Richard goes on to provide a reference: a piece in the Harvard Graduate School of Education magazine Ed. titled “Thanks for the Add. Now Help Me with my Homework.” As Richardson points out "Harvard" and "research" might be cause for notice.
Some points made:
- A virtual creative writing boom among students spending long hours writing stories and poetry to paste on their blogs for feedback from friends, or creating videos on social issues to bring awareness to a cause
- Skills students are developing on social networking sites, are the very same 21st century skills that educators have identified as important for the next generation of knowledge workers — empathy, appreciation for diversity of viewpoints, and an ability to multitask and collaborate with peers on complex projects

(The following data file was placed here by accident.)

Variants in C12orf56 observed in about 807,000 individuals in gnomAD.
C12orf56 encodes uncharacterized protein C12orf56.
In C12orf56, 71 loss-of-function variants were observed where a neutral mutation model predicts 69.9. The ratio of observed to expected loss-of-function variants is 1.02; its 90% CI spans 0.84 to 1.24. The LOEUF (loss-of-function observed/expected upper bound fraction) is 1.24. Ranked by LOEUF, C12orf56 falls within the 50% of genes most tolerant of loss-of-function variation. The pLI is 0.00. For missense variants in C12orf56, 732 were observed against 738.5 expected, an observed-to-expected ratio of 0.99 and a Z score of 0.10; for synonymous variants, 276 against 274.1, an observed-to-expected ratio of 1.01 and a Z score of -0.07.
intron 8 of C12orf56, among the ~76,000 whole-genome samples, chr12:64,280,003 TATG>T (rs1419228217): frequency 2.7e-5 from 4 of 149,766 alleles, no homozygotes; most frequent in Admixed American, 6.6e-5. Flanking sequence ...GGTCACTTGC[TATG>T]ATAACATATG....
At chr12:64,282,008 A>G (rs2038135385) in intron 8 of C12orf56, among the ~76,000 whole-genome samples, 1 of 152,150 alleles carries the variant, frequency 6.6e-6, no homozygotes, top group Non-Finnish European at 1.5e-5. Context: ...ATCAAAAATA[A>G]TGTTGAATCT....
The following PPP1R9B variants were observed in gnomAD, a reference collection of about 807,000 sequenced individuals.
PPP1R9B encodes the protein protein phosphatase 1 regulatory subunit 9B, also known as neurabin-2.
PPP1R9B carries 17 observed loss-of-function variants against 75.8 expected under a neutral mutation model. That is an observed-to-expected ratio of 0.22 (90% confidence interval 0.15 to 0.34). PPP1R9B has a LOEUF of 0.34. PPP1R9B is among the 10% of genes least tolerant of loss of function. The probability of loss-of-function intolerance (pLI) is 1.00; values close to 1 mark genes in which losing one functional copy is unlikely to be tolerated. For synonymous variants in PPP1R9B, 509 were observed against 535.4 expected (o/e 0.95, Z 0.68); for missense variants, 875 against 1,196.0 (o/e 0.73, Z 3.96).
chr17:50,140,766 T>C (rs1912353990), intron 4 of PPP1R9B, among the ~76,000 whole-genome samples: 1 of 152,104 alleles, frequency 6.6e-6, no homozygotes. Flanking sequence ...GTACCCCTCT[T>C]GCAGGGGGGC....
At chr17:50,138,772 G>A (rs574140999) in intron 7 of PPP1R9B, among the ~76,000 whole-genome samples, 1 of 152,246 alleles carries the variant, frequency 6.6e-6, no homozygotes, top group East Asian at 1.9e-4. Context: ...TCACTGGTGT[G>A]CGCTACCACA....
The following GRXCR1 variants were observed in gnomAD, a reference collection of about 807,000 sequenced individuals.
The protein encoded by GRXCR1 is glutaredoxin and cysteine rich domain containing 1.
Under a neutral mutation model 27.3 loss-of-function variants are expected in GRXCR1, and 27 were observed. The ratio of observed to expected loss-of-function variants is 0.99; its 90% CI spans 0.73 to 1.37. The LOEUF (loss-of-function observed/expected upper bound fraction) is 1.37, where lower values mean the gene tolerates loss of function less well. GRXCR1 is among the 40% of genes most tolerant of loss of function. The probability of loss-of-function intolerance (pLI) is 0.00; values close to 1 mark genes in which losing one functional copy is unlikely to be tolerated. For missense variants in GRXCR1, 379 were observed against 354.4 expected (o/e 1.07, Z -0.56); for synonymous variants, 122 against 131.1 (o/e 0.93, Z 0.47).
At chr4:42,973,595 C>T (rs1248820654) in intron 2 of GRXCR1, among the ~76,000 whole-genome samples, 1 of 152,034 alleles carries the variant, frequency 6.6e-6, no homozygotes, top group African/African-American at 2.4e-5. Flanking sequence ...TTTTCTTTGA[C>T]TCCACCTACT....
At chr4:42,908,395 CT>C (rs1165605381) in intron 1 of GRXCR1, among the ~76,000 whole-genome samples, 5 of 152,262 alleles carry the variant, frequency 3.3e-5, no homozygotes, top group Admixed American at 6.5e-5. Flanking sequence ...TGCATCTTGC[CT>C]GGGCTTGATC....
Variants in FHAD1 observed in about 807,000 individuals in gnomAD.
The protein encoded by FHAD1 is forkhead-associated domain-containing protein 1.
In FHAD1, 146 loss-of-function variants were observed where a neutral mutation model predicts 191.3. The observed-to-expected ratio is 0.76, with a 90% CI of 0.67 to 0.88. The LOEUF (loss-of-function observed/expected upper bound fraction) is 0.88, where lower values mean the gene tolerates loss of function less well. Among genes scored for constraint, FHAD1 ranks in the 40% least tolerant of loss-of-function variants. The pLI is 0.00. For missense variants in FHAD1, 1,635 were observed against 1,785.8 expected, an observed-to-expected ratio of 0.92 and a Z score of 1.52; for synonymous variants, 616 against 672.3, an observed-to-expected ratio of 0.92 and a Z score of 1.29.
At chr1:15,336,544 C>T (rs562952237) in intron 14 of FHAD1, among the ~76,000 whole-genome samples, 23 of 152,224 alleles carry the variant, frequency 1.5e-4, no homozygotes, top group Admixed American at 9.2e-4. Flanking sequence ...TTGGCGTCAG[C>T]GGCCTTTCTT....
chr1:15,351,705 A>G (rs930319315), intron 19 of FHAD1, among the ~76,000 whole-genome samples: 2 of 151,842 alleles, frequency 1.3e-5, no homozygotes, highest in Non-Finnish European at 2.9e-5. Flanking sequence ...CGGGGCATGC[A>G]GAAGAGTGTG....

- A survey by the National Association of Colleges and Employers cited this spring in The New York Times found that more than half of employers now use SNSs to network with job candidates.
- "Perhaps even more important than the impact of social networking on the classroom, however is the impact that the classroom can have on social networking, by teaching students how to be responsible "digital citizens" online. At their most basic level, these sites can be launching points to discussions on Internet ethics. "If we want kids to be digital citizens, we must model that behavior for them," says Greenhow. As it stands now, however, most schools do the exact opposite, actively discouraging student use of social networking sites by blocking them on school computers -- sending the message that they are dangerous or inappropriate. As Wiske says, "A lot of people can do a lot of damage driving cars, but we shouldn't tell kids not to drive cars."